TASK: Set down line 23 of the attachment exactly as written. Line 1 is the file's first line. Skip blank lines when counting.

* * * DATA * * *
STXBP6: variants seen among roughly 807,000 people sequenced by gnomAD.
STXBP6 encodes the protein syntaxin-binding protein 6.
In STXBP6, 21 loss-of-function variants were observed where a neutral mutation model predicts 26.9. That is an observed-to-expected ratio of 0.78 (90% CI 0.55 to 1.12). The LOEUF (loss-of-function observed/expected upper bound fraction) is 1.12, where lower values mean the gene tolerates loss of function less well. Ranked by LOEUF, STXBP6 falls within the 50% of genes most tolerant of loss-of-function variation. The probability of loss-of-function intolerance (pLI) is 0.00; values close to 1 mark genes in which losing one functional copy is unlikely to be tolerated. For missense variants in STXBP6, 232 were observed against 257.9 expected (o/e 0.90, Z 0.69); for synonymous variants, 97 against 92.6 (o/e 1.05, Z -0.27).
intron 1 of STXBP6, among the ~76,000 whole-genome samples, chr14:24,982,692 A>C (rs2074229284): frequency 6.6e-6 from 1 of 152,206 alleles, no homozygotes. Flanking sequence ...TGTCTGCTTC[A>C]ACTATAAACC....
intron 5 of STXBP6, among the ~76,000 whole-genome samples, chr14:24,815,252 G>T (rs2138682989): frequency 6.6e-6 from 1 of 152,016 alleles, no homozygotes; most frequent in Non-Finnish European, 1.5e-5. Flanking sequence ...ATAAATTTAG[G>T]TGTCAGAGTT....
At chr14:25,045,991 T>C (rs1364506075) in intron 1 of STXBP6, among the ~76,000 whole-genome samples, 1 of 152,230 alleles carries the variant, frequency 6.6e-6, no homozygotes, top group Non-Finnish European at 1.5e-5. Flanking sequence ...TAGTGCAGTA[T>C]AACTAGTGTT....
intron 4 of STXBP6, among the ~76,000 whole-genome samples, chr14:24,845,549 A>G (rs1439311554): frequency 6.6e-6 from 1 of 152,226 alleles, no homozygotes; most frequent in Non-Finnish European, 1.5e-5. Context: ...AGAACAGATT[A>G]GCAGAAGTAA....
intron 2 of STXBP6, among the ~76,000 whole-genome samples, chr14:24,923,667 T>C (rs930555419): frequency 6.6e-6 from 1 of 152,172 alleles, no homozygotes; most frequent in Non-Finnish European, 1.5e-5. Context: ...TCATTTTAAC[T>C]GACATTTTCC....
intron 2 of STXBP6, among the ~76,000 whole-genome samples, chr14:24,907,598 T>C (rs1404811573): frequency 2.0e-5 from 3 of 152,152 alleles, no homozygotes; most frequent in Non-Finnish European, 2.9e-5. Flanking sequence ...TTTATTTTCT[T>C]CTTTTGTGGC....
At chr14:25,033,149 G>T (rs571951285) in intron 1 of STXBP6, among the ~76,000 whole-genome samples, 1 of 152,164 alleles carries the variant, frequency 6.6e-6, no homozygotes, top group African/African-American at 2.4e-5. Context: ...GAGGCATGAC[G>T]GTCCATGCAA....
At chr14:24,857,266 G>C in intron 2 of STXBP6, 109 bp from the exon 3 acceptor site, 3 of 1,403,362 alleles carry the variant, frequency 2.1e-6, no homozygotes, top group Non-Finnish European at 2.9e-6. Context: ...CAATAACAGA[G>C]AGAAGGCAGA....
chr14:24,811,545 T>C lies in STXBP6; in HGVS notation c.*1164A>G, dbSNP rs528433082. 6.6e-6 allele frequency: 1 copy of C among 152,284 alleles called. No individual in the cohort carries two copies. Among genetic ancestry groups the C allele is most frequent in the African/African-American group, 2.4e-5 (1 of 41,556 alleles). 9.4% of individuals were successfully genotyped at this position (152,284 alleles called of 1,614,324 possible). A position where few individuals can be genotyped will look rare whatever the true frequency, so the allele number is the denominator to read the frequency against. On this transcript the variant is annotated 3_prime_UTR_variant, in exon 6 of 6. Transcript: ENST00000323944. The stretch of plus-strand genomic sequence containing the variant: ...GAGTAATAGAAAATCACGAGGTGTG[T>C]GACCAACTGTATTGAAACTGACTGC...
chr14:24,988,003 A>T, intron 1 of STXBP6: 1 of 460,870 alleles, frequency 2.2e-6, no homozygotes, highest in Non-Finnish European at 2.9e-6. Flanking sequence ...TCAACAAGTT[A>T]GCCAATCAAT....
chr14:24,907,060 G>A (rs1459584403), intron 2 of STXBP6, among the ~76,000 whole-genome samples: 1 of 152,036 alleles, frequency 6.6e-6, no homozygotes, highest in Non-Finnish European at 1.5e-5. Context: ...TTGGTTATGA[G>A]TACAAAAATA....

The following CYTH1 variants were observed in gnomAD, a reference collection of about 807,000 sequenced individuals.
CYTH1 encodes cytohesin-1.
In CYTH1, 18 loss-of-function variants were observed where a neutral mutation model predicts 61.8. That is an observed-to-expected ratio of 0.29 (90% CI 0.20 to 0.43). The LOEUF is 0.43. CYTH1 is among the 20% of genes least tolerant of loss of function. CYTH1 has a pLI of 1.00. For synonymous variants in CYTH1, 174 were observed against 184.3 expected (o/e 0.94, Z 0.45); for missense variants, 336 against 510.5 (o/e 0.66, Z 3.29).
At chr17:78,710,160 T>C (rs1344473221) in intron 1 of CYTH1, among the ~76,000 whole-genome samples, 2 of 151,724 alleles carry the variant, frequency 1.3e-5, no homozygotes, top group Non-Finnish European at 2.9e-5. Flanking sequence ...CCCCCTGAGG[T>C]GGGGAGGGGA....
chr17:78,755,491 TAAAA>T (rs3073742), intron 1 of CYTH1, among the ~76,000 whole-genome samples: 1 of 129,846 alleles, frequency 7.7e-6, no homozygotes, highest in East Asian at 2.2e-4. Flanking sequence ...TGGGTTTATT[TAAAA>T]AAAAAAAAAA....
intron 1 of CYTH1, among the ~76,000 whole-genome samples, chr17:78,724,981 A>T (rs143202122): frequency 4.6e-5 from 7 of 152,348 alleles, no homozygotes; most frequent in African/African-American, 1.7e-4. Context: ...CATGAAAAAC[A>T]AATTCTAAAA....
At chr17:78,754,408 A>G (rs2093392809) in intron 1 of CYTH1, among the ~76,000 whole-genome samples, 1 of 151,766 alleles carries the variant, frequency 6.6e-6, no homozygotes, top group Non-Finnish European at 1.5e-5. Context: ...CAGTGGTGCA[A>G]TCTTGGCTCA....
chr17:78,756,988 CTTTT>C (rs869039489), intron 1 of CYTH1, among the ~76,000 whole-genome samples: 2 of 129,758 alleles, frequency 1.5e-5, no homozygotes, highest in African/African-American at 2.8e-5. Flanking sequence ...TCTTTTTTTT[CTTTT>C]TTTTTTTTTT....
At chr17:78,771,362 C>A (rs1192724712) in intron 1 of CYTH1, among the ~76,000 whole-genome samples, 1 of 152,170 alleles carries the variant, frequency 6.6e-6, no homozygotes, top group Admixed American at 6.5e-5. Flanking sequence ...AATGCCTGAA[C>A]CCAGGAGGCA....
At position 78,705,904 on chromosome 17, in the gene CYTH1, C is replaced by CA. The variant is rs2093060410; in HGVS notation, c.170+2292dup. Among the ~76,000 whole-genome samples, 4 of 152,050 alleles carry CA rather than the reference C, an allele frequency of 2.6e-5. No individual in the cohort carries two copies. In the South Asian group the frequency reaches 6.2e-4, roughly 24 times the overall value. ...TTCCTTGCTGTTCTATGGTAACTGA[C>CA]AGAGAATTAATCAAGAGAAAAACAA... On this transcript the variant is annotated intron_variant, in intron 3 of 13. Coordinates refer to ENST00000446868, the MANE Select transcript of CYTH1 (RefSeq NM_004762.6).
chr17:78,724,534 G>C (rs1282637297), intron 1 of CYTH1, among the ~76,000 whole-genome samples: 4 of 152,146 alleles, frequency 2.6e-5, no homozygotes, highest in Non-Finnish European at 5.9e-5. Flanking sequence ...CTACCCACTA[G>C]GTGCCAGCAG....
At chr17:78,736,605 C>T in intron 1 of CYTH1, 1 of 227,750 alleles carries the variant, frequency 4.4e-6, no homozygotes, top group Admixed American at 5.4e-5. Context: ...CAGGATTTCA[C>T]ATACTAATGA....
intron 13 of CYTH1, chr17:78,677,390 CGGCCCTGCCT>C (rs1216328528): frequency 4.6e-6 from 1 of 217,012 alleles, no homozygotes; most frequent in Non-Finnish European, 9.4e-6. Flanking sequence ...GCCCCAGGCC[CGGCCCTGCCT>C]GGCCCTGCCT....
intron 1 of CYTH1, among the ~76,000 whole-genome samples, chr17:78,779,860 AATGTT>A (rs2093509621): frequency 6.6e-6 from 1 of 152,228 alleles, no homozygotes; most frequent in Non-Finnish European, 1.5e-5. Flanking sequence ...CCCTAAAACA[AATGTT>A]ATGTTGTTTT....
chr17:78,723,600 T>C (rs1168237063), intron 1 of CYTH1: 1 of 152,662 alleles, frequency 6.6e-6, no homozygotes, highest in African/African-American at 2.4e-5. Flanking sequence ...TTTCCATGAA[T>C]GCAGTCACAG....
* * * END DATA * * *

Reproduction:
At chr17:78,771,362 C>A (rs1192724712) in intron 1 of CYTH1, among the ~76,000 whole-genome samples, 1 of 152,170 alleles carries the variant, frequency 6.6e-6, no homozygotes, top group Admixed American at 6.5e-5. Flanking sequence ...AATGCCTGAA[C>A]CCAGGAGGCA....